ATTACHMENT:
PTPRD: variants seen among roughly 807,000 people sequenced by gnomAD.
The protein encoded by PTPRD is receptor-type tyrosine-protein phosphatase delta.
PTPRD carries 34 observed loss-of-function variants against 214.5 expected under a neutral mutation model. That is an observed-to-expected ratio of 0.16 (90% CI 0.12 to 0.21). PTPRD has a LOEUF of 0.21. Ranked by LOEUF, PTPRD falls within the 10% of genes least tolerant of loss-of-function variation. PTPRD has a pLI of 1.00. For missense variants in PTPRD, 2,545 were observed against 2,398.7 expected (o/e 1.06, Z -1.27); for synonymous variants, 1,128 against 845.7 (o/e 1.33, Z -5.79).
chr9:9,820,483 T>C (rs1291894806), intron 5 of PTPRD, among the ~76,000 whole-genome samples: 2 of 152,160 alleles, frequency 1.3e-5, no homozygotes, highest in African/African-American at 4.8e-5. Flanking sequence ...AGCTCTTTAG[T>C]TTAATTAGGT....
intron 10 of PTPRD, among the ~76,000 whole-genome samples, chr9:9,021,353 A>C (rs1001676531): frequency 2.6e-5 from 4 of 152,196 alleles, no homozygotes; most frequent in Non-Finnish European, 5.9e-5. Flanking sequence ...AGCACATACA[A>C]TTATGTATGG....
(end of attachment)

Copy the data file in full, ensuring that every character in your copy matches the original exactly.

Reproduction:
PTPRD: variants seen among roughly 807,000 people sequenced by gnomAD.
The protein encoded by PTPRD is receptor-type tyrosine-protein phosphatase delta.
PTPRD carries 34 observed loss-of-function variants against 214.5 expected under a neutral mutation model. That is an observed-to-expected ratio of 0.16 (90% CI 0.12 to 0.21). PTPRD has a LOEUF of 0.21. Ranked by LOEUF, PTPRD falls within the 10% of genes least tolerant of loss-of-function variation. PTPRD has a pLI of 1.00. For missense variants in PTPRD, 2,545 were observed against 2,398.7 expected (o/e 1.06, Z -1.27); for synonymous variants, 1,128 against 845.7 (o/e 1.33, Z -5.79).
chr9:9,820,483 T>C (rs1291894806), intron 5 of PTPRD, among the ~76,000 whole-genome samples: 2 of 152,160 alleles, frequency 1.3e-5, no homozygotes, highest in African/African-American at 4.8e-5. Flanking sequence ...AGCTCTTTAG[T>C]TTAATTAGGT....
intron 10 of PTPRD, among the ~76,000 whole-genome samples, chr9:9,021,353 A>C (rs1001676531): frequency 2.6e-5 from 4 of 152,196 alleles, no homozygotes; most frequent in Non-Finnish European, 5.9e-5. Flanking sequence ...AGCACATACA[A>C]TTATGTATGG....